The Internet is buzzing with reports that President Obama, to some extent, tried to secure employment for at least two Democratic congressional candidates. Last month, Representative Joe Sestak of Pennsylvania said the White House offered him a position to coax him out of a race against Arlen Specter. The White House confirmed that statement. Now, Andrew Romanoff says that the White House offered him three different positions in order to persuade him not to run against incumbent Senator Michael Bennett from Colorado.
The story has become a leading news item, but most of the reporting fails to address three important questions. First: is this conduct illegal? Second: is it unethical? Third: is this common or traditional behavior among presidents?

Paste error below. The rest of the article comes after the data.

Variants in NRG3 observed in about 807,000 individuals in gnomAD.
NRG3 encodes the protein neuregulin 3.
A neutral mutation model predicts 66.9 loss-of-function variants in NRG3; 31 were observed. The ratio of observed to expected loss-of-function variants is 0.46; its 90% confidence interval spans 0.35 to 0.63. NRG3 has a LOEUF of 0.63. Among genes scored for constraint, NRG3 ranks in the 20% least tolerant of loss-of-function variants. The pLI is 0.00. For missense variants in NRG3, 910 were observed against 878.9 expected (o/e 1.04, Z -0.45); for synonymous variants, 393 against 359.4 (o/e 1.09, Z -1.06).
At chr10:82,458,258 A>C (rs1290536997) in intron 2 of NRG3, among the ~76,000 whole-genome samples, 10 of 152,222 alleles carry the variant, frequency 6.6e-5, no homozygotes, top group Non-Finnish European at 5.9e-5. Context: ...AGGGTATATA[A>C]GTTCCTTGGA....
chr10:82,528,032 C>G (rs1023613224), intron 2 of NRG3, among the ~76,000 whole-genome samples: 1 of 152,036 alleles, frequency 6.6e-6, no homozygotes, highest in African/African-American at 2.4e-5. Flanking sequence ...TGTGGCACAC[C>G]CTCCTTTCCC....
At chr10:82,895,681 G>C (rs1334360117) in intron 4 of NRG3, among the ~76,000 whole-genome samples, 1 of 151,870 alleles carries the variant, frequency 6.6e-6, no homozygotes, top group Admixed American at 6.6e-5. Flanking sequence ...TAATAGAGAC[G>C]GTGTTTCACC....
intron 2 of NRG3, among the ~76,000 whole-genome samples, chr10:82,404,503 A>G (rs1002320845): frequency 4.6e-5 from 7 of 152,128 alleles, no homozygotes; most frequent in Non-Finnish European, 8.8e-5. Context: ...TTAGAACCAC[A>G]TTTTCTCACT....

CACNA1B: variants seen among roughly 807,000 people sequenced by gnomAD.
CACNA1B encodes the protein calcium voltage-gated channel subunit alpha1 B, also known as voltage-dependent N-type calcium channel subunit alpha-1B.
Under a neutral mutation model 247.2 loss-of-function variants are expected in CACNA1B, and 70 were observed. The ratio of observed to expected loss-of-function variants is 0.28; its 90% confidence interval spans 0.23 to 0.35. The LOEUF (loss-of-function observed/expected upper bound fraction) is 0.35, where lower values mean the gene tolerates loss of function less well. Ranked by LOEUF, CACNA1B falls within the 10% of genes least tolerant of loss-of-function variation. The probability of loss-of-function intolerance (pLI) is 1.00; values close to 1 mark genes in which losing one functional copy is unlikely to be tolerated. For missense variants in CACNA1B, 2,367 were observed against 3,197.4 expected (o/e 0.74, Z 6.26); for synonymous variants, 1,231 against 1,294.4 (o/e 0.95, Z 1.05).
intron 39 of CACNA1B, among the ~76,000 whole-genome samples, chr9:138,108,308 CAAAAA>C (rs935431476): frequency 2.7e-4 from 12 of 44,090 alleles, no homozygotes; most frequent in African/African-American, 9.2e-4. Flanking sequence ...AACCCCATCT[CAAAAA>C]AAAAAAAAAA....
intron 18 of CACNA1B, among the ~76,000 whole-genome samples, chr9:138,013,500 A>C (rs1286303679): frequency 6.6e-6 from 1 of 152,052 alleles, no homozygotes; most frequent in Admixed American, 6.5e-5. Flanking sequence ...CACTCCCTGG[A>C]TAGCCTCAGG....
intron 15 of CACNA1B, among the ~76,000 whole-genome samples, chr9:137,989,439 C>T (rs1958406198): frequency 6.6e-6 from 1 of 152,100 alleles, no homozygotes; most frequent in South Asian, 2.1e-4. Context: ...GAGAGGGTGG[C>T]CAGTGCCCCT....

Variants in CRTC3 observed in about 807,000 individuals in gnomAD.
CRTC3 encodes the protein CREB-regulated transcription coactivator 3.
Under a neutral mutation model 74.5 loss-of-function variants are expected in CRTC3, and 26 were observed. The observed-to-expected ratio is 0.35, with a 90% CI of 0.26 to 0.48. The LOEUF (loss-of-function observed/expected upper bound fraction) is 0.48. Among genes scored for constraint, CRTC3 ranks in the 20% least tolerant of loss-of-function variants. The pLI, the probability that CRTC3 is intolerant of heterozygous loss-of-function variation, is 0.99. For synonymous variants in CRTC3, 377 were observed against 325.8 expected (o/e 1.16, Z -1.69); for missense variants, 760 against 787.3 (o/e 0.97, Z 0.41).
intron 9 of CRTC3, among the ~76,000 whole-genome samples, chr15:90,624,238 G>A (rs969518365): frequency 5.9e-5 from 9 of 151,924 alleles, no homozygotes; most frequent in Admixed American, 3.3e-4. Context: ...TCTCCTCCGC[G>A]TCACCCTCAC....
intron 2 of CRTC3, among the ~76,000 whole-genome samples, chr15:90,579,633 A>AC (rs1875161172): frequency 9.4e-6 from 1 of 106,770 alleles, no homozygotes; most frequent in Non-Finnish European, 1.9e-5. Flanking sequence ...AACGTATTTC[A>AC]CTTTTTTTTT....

I suspect that the conduct is not illegal. Whether it is unethical is a more philosophical point, but people should at least address it, rather than implying that the actions are inherently wrong. Finally, I also suspect that for a large part of U.S. history, presidents have dangled potential employment and other incentives under similar circumstances.
According to Obama's critics offering jobs to political candidates makes him a "Washington insider," which betrays his rhetoric of "change." Running as a Washington outsider is a popular strategy among political candidates -- especially those candidates desperately seeking a job in Washington. But, if people actually believe that the Washington insider label has any substantive value beyond its use as a campaign slogan, they are too gullible to engage in political analysis.